North Korea has already performed several underground tests of nuclear weapons, so there is no doubt the rogue nation has developed nuclear technology. Most Western intelligence estimates suggest that North Korea only has a handful of functional nukes at this point, but could have as many as a dozen or more in just a few years.
Moreover, recent satellite images show that the impoverished nation is spending a big chunk of its very limited resources to its refurbish its largest production facility for uranium oxide. Of note, producing milled uranium oxide is the first step in enriching uranium for use use in nuclear weapons.
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More on upgrade of North Korea nuclear facility
The new images were released by 38 North, a well-known website operated by the US-Korea Institute at Johns Hopkins School of Advanced International Studies. The satellite images highlight that a uranium mine and mill near Pyongsan, North Korea have seen major construction activity over the last year.
Jeffrey Lewis, the author of the 38 North article and director of the East Asia Nonproliferation Program at the Monterey Institute of International Studies, noted: “The most recent commercial satellite imagery indicates that the Uranium Concentration Plant is currently undergoing significant refurbishment…The renovation suggests that North Korea is preparing to expand the production of uranium from a nearby mine.”
It appears from the photos that many of the buildings at the facility have new roofs, and the main receiving area for the conveyer belt used that moves the ore from the mine to the processing building has been upgraded and notably expanded. A number of other support buildings appear have been razed and/or are being rebuilt. Lewis also points out that the spoil from the mill is being directly disposed of in a lake adjacent to the uranium processing facility.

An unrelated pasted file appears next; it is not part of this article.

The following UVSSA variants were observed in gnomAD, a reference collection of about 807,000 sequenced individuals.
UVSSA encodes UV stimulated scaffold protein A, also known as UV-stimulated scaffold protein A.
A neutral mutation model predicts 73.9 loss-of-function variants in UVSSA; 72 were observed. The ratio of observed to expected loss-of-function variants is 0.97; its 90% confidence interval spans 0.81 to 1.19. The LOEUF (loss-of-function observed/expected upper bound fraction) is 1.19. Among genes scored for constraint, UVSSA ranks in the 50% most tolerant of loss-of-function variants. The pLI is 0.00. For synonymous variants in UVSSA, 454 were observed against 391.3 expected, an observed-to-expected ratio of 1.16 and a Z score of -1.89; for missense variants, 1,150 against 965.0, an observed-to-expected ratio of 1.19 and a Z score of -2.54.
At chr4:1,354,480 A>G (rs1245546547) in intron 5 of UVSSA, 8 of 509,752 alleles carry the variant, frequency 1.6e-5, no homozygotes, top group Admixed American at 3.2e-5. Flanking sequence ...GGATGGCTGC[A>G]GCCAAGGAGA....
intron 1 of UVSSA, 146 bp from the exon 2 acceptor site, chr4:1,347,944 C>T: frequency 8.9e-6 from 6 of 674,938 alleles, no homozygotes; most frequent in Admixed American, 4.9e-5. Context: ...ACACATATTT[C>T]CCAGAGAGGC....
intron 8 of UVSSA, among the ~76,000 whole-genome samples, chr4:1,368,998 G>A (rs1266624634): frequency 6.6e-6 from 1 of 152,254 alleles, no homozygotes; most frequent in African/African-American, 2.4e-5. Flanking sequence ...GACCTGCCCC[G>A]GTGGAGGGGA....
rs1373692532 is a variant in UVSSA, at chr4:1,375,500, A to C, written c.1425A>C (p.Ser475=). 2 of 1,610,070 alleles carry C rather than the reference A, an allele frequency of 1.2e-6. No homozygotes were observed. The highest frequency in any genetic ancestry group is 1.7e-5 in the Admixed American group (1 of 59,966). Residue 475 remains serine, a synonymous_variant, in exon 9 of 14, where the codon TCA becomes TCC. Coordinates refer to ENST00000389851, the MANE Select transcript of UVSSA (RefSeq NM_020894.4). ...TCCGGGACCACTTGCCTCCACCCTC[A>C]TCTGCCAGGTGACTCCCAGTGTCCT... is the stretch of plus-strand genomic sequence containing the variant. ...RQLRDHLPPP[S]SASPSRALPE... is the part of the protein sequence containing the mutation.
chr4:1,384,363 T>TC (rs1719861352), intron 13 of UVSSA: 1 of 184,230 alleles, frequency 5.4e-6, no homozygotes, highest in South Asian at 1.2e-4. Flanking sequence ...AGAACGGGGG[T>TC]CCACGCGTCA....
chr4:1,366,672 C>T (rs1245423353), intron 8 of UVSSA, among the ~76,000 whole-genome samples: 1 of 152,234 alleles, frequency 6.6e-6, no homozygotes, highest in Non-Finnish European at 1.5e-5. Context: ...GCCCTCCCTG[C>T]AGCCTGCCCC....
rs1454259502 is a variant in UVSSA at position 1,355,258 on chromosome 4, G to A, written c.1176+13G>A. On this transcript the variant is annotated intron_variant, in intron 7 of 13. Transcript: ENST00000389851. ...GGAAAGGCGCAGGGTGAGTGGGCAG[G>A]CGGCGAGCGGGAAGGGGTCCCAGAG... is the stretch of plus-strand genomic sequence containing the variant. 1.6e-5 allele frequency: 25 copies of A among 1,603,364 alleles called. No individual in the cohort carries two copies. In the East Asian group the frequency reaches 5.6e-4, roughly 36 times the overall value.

Lewis also emphasizes that one of the biggest challenges in estimating the number of nuclear weapons North Korea has and the rate of production is uncertainty about how many centrifuge facilities for enriching uranium the country has. These facilities are often difficult to detect and keep track of, so carefully tracking the expansion of mining and milling at the Pyongsan facility should permit closer estimates of the size of North Korea’s enrichment infrastructure by analyzing demand for uranium.
Obviously, keeping a closer eye on North Korea’s uranium resources more generally, including known uranium mines and mills and other suspected sites, will also lead to more accurate estimates of the rogue nation’s nuclear bomb making capabilities.
Lewis summed up the overall significance of the ongoing upgrades to the Pyongsan uranium facility: “The significant investment in refurbishing the mill suggests that North Korea is expecting to process significant amounts of uranium, either from the Pyongsan mine or other uranium mines.”
North Korean plans for more uranium
In the interest of fairness, Lewis notes it is quite possible North Korea plans to enrich the additional uranium it is producing to make more nuclear weapons. However, it is also possible Pyongyang is simply looking to produce fuel for the Experimental Light Water Reactor it is building at its Yongbon nuclear research facility and other future light-water reactors.